Some business people believe that being insight-led is the next step on from being “data driven”, but whichever definition you choose a common theme is that the consequent business decisions are as well-informed as possible and practicable.

In this current climate I’d add near-real-time as a vital factor for the basis of informed decision making, which means that businesses have to address their data management and analytics capabilities, from data lakes to AI processing. That’s something that SAS can help you with.

What could retailers I do?

Christmas 2022 is already upon us, but here are three practical steps that you can take in the next six months:

  1. Take a good, hard look for anything ‘same old’. Challenge yourselves – are you doing anything this year just because you did it last year and/or it has worked before? If so, re-analyse the hard facts and data – it may well be the right thing to do; there may be an opportunity to tweak it to suit current conditions; or it may be best to drop it in favour of something more customer centric . . .
  2. Work your data (especially from loyalty programmes) to predict behaviour and formulate real-time treatments and offers. Pull together your analysts and your behavioural science/economics teams to figure new ways to augment your proposition with service and/or offers that will differentiate you and attract carefully-spent cash
  3. Customer centric innovation. Get creative to meet, engage, sell, and service customers wherever they are on their omnichannel journey. There are lots of resources out there to help retailers innovate into a better place e.g. the recent Retail Week Innovation Summit and the publication’s technology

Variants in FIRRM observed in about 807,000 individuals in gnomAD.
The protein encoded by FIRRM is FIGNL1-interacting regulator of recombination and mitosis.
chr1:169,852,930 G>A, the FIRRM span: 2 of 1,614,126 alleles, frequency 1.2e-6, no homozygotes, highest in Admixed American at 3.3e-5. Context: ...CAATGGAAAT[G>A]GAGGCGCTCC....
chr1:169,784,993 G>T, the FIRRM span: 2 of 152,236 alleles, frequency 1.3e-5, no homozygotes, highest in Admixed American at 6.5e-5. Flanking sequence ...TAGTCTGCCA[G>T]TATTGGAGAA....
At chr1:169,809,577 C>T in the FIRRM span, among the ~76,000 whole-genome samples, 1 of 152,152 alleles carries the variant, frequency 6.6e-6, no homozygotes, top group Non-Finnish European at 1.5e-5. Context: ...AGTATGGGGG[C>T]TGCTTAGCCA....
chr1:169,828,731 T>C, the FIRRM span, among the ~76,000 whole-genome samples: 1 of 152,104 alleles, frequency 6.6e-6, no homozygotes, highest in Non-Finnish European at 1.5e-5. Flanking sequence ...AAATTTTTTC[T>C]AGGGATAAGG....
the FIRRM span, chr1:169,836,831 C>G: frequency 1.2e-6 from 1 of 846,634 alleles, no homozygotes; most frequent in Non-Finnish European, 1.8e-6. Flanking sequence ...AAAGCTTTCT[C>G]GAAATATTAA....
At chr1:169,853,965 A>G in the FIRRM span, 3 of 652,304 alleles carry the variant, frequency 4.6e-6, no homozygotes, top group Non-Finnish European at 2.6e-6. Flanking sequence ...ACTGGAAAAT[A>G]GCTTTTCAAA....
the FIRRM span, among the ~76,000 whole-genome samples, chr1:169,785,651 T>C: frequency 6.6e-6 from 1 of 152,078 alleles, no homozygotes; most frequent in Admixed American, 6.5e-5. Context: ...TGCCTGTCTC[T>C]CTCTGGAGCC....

Capacity, capability, and tools

How achievable is this? I’d argue that it’s very achievable – indeed vital – to get more insight-led and customer centric.

SAS have the tools to deploy advanced analytics in ever more accessible forms (e.g. SAS Viya on the Azure Marketplace makes analytics and AI available at the click of a button), and they have done fantastic work with their STEP programme to re-skill and upskill talent among job seekers via free online learning pathways.

The critical question back to retailers is whether they will release the capacity to shift the balance in the favour of customer centricity and insight? I’d highly recommend that the steps outlined above be included within your (hopefully properly resourced) overall digital transformation programme.

There are lots of examples of SAS customers facing these challenges and achieving success and I’d particularly recommend reading the Fratelli Carli case study

Moving Forward

I can’t emphasise enough my point about being insight-led and customer centric. Please make sure that the problems you’re solving, initiatives you’re instigating, and processes you’re digitising are addressing what the customer needs and values.

Please get in touch if you would like a deeper conversation about customer centricity, or with SAS to discover how retail analytics and expertise can help you become more insight-led.

Peter Lavers